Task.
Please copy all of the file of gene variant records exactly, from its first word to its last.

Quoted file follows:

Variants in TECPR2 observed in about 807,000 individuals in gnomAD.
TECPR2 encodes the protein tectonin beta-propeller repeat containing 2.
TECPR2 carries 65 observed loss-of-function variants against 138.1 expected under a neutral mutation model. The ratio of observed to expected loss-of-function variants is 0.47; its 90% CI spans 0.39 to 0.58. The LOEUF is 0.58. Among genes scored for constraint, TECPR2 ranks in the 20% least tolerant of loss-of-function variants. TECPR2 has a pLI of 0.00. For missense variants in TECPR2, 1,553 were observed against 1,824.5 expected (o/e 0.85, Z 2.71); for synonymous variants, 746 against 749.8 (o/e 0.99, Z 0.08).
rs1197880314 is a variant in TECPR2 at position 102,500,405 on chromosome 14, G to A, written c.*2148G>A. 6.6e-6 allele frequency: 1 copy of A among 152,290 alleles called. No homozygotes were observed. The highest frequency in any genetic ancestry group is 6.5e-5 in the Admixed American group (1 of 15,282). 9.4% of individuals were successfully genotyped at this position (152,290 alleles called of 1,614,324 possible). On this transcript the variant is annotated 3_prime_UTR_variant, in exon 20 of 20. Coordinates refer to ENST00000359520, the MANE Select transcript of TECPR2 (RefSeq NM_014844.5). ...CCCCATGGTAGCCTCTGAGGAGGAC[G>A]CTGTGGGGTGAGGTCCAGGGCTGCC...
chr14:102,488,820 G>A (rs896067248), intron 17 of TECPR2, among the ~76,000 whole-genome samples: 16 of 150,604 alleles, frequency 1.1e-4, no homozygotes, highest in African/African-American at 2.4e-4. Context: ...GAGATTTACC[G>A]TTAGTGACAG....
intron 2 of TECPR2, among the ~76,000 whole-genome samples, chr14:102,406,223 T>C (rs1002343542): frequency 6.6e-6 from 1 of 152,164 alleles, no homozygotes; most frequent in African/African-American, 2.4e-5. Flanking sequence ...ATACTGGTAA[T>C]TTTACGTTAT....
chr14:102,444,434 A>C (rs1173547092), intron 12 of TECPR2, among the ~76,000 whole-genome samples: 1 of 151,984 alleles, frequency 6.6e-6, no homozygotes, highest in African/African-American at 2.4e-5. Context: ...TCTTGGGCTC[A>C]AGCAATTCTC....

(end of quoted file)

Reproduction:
Variants in TECPR2 observed in about 807,000 individuals in gnomAD.
TECPR2 encodes the protein tectonin beta-propeller repeat containing 2.
TECPR2 carries 65 observed loss-of-function variants against 138.1 expected under a neutral mutation model. The ratio of observed to expected loss-of-function variants is 0.47; its 90% CI spans 0.39 to 0.58. The LOEUF is 0.58. Among genes scored for constraint, TECPR2 ranks in the 20% least tolerant of loss-of-function variants. TECPR2 has a pLI of 0.00. For missense variants in TECPR2, 1,553 were observed against 1,824.5 expected (o/e 0.85, Z 2.71); for synonymous variants, 746 against 749.8 (o/e 0.99, Z 0.08).
rs1197880314 is a variant in TECPR2 at position 102,500,405 on chromosome 14, G to A, written c.*2148G>A. 6.6e-6 allele frequency: 1 copy of A among 152,290 alleles called. No homozygotes were observed. The highest frequency in any genetic ancestry group is 6.5e-5 in the Admixed American group (1 of 15,282). 9.4% of individuals were successfully genotyped at this position (152,290 alleles called of 1,614,324 possible). On this transcript the variant is annotated 3_prime_UTR_variant, in exon 20 of 20. Coordinates refer to ENST00000359520, the MANE Select transcript of TECPR2 (RefSeq NM_014844.5). ...CCCCATGGTAGCCTCTGAGGAGGAC[G>A]CTGTGGGGTGAGGTCCAGGGCTGCC...
chr14:102,488,820 G>A (rs896067248), intron 17 of TECPR2, among the ~76,000 whole-genome samples: 16 of 150,604 alleles, frequency 1.1e-4, no homozygotes, highest in African/African-American at 2.4e-4. Context: ...GAGATTTACC[G>A]TTAGTGACAG....
intron 2 of TECPR2, among the ~76,000 whole-genome samples, chr14:102,406,223 T>C (rs1002343542): frequency 6.6e-6 from 1 of 152,164 alleles, no homozygotes; most frequent in African/African-American, 2.4e-5. Flanking sequence ...ATACTGGTAA[T>C]TTTACGTTAT....
chr14:102,444,434 A>C (rs1173547092), intron 12 of TECPR2, among the ~76,000 whole-genome samples: 1 of 151,984 alleles, frequency 6.6e-6, no homozygotes, highest in African/African-American at 2.4e-5. Context: ...TCTTGGGCTC[A>C]AGCAATTCTC....